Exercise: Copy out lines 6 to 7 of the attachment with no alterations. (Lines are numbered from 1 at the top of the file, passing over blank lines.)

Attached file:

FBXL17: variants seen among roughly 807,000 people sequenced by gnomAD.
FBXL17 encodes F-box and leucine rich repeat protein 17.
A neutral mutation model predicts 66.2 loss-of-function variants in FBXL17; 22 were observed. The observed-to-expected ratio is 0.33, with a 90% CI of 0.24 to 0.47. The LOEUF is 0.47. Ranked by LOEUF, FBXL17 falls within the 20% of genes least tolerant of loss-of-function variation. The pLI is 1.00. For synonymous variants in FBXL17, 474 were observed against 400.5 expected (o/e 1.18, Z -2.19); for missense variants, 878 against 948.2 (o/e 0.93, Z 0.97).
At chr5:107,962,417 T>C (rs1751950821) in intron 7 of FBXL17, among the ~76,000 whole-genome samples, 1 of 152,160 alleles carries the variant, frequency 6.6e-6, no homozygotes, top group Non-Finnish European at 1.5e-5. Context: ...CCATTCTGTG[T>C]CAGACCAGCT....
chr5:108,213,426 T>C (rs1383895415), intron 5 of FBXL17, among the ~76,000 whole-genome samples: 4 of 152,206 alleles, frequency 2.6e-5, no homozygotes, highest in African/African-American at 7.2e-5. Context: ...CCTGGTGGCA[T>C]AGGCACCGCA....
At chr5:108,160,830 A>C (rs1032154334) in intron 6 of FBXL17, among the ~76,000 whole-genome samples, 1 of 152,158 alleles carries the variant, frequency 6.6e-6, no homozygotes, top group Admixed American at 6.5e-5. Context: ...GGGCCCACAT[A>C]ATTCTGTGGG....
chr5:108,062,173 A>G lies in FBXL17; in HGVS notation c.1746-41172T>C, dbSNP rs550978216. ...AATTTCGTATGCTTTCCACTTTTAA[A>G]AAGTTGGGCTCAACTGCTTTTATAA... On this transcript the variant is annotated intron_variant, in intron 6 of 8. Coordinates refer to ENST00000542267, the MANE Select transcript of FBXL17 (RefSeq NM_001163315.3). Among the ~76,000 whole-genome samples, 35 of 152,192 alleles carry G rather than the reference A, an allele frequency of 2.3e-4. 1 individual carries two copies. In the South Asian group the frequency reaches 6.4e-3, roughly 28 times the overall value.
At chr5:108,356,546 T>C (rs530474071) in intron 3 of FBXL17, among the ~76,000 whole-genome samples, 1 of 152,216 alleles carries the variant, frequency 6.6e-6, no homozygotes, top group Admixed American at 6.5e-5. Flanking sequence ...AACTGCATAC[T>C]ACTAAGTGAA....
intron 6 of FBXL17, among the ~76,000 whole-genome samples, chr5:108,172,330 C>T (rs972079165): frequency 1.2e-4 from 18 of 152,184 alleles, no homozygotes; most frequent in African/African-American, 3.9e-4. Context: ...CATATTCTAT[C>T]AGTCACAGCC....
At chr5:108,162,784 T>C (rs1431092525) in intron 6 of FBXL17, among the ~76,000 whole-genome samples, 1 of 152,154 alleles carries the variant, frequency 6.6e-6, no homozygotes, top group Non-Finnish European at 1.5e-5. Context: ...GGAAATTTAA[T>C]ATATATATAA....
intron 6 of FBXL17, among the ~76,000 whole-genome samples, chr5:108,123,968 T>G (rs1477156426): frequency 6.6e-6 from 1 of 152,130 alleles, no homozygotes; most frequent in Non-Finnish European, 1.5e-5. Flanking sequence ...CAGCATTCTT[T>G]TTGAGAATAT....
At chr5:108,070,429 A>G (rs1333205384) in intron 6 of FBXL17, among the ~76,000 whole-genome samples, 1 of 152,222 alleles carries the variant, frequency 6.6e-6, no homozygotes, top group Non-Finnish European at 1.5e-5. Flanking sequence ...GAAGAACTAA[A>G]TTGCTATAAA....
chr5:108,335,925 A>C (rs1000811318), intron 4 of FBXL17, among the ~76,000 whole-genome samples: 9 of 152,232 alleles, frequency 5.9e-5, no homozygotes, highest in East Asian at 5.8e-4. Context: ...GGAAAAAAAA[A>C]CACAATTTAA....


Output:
At chr5:108,160,830 A>C (rs1032154334) in intron 6 of FBXL17, among the ~76,000 whole-genome samples, 1 of 152,158 alleles carries the variant, frequency 6.6e-6, no homozygotes, top group Admixed American at 6.5e-5. Context: ...GGGCCCACAT[A>C]ATTCTGTGGG....
chr5:108,062,173 A>G lies in FBXL17; in HGVS notation c.1746-41172T>C, dbSNP rs550978216. ...AATTTCGTATGCTTTCCACTTTTAA[A>G]AAGTTGGGCTCAACTGCTTTTATAA... On this transcript the variant is annotated intron_variant, in intron 6 of 8. Coordinates refer to ENST00000542267, the MANE Select transcript of FBXL17 (RefSeq NM_001163315.3). Among the ~76,000 whole-genome samples, 35 of 152,192 alleles carry G rather than the reference A, an allele frequency of 2.3e-4. 1 individual carries two copies. In the South Asian group the frequency reaches 6.4e-3, roughly 28 times the overall value.